New Program Boosts Soldiers’ Data Science Skills

New Program Boosts Soldiers’ Data Science Skills

Photo by: National Guard/Master Sgt. Becky Vanshur

The Army is working to build more data science and data engineering expertise in the force by adding a short-term certification program to a pilot program underway now at a leading university.

The upcoming program will select a number of soldiers to do a six-month certification program in data science through Carnegie Mellon University, a “world leader in data science,” after which the soldiers will return to the force, said Maj. Gen. J.P. McGee, director of the Army Talent Management Task Force.

There are 20 officers and four civilians currently working toward master’s degrees in data science in an 18-month program at Carnegie Mellon, according to McGee, who said the certification program for the selected soldiers will be expanded over the next two years to include more people.

“Those [soldiers] will be plucked from inside the force, trained and moved out, and the great thing is across the active, National Guard, [Army] Reserve and civilian components, we have lots of soldiers or civilians who have these skill sets that we can capitalize on,” McGee said Oct. 15 in a contemporary military forum on talent management during AUSA Now, the virtual annual meeting of the Association of the U.S. Army.

To build more technical and scientific expertise in the future, McGee said, there are more authorizations for lateral entry into the force as spelled out in the 2019 National Defense Authorization Act, which allows the Army to direct-commission officers.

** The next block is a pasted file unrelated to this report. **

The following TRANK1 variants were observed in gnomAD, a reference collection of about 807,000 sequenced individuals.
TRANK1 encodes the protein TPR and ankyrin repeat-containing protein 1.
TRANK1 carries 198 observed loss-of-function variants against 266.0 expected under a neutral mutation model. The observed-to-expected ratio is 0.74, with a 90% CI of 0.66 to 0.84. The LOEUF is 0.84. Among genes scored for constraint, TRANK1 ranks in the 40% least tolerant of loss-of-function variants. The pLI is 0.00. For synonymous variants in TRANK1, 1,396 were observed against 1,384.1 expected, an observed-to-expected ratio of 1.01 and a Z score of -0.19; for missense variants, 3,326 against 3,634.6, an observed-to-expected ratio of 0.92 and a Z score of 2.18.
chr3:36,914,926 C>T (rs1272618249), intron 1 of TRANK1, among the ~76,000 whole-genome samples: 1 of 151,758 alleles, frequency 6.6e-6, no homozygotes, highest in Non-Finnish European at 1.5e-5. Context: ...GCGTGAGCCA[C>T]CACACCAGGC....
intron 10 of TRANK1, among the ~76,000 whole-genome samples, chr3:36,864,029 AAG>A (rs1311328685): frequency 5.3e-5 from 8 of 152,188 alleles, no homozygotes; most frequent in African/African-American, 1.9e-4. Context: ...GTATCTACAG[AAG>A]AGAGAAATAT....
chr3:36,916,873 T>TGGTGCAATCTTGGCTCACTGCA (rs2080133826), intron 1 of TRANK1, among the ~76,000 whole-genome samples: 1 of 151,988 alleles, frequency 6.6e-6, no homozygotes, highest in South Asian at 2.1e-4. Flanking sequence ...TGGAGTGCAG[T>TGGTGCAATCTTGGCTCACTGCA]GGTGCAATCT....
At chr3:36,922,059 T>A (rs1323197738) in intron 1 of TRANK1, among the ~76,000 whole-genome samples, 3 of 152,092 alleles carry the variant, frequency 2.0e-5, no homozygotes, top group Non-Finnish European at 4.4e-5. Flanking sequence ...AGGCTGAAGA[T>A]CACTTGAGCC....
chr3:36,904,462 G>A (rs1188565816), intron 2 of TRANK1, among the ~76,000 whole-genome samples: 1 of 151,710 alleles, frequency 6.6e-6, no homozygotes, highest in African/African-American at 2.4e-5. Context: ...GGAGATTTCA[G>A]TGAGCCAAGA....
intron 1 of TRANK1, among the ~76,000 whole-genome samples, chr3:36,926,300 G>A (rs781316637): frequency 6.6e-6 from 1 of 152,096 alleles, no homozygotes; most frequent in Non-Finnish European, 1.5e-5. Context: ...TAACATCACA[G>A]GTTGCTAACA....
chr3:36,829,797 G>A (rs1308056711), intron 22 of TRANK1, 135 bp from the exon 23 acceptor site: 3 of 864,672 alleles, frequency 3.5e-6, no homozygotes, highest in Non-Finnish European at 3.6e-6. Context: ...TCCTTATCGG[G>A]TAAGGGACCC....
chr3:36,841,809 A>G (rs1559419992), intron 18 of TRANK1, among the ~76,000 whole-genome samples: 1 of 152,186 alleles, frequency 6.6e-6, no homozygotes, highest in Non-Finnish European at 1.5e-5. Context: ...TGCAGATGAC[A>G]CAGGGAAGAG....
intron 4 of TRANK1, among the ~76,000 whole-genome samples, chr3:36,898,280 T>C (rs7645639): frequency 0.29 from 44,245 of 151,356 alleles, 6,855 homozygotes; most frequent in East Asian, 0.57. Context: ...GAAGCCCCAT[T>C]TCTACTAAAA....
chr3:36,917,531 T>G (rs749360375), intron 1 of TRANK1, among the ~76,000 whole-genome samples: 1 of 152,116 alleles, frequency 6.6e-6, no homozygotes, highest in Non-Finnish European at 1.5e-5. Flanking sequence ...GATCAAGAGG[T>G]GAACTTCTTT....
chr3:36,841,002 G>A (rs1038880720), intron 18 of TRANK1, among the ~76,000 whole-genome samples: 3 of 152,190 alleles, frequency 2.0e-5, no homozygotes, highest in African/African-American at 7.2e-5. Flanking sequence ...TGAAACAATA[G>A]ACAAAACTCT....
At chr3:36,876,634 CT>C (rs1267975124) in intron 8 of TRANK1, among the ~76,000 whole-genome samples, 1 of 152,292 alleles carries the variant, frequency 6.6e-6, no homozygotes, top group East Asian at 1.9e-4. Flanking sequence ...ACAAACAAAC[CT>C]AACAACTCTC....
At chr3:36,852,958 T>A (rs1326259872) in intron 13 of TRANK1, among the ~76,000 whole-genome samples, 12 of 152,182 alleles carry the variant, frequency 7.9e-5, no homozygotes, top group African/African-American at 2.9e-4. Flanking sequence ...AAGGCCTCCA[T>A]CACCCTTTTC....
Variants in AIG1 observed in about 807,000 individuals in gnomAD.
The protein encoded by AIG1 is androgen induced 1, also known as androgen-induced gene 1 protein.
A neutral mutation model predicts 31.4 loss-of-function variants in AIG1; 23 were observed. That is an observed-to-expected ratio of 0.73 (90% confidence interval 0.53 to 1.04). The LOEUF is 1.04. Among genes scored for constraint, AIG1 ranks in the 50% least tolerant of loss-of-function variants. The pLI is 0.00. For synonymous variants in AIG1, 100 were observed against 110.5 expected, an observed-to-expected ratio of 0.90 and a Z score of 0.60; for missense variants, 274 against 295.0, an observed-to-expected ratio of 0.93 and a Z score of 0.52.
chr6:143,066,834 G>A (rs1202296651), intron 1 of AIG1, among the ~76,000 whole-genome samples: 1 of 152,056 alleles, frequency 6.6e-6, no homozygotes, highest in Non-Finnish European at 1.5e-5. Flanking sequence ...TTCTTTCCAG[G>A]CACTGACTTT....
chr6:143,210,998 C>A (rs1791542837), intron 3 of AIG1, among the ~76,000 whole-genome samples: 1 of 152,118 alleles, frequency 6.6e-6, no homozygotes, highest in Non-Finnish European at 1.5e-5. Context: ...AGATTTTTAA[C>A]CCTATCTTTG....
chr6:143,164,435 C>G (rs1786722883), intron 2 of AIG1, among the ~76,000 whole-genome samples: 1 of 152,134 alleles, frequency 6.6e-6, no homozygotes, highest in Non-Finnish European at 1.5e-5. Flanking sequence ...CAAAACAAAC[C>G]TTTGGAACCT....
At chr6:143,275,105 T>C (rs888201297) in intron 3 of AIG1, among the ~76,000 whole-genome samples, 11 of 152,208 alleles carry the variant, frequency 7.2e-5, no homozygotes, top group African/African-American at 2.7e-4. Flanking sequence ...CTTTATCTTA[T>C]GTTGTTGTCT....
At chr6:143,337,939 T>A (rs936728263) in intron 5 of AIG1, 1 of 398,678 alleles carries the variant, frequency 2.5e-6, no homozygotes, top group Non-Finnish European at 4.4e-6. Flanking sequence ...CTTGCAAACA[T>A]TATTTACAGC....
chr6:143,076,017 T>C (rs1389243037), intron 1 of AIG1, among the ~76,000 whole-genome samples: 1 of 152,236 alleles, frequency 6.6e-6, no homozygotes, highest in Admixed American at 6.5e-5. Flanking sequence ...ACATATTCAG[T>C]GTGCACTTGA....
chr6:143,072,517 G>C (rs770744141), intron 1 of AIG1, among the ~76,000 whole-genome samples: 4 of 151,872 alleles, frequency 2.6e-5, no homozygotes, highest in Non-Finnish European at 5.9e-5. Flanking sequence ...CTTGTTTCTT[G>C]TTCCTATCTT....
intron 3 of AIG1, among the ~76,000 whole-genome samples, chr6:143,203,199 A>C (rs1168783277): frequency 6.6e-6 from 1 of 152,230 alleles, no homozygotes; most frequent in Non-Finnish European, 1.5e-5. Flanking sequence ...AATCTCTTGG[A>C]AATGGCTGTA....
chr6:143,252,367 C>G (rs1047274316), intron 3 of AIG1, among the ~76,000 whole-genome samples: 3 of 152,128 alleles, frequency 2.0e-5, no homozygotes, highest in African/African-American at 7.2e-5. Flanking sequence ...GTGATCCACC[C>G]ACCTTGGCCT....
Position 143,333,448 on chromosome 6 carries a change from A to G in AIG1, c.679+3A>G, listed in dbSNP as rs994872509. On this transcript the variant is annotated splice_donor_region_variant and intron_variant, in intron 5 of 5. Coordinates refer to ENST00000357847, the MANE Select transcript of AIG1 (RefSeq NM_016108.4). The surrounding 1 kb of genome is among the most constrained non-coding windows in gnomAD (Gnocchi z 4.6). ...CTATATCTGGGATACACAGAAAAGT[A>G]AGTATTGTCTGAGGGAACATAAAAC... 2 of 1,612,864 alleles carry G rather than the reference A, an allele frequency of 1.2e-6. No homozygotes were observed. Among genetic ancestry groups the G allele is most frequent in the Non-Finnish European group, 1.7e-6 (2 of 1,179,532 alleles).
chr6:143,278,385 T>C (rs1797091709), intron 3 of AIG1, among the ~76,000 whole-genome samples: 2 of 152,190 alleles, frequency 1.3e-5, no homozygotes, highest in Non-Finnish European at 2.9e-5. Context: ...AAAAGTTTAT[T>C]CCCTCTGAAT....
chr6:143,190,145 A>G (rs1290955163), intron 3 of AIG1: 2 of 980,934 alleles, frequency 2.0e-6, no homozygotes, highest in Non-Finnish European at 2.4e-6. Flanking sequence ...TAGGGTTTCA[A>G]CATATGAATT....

Previously, he said, the Army had been limited to direct commissioning at the rank of captain, but there is now an opportunity to bring in officers from lieutenant through colonel. The Army is “working through what that looks like right now,” McGee said, noting that a field grade cyber officer was recently direct-commissioned in the National Guard. 

The Army is working on a plan to bring in talent laterally for years to come as technical expertise requirements evolve.

“Today we're talking about data scientists and data engineers, but the vision is we need to have something that is going to be ahead of what we need,” he said. “Today it’s data scientists, is it going to be quantum computing five years from now? It might be bioengineering. We don't know what these fields are, but we do know that we structurally need to change to be able to rapidly adapt technological innovations that are going to have an impact on the way that we fight wars in the future.”